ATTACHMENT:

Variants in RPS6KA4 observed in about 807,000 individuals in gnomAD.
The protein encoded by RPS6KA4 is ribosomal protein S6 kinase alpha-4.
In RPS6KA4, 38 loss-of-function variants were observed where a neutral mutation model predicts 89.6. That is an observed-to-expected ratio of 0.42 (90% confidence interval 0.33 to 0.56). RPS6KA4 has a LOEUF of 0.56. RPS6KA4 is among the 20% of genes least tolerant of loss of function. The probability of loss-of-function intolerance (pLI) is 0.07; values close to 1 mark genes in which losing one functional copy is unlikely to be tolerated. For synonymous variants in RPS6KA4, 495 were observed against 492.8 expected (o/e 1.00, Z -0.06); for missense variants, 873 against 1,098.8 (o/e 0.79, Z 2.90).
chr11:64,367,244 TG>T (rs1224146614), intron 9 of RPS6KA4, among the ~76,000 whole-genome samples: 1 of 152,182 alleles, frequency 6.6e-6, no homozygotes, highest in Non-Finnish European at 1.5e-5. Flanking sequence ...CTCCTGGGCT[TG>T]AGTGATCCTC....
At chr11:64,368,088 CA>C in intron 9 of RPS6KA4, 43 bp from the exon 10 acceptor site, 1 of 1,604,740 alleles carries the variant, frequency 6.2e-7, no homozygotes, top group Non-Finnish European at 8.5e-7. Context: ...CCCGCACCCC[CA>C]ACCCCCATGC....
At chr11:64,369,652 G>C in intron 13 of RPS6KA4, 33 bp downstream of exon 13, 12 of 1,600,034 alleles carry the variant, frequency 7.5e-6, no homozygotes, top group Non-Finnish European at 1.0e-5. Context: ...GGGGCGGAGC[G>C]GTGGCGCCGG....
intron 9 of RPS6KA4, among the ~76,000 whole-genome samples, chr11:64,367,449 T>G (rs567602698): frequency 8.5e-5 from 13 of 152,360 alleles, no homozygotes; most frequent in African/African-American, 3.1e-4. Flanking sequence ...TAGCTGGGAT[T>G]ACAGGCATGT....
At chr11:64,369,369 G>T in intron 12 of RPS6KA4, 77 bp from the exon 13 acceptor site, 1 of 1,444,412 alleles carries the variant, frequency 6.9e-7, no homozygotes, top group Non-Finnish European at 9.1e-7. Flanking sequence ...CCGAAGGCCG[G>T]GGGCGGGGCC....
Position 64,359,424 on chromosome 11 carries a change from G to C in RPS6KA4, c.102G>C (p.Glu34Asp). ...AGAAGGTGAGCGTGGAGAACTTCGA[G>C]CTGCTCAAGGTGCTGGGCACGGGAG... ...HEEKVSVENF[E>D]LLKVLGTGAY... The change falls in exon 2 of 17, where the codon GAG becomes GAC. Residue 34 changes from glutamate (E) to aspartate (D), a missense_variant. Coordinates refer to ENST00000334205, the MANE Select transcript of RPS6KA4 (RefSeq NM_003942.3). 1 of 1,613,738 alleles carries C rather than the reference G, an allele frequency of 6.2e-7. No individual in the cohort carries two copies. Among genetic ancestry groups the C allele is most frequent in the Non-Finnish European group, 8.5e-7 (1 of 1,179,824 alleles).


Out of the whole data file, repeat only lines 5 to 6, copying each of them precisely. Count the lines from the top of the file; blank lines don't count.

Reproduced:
At chr11:64,368,088 CA>C in intron 9 of RPS6KA4, 43 bp from the exon 10 acceptor site, 1 of 1,604,740 alleles carries the variant, frequency 6.2e-7, no homozygotes, top group Non-Finnish European at 8.5e-7. Context: ...CCCGCACCCC[CA>C]ACCCCCATGC....
At chr11:64,369,652 G>C in intron 13 of RPS6KA4, 33 bp downstream of exon 13, 12 of 1,600,034 alleles carry the variant, frequency 7.5e-6, no homozygotes, top group Non-Finnish European at 1.0e-5. Context: ...GGGGCGGAGC[G>C]GTGGCGCCGG....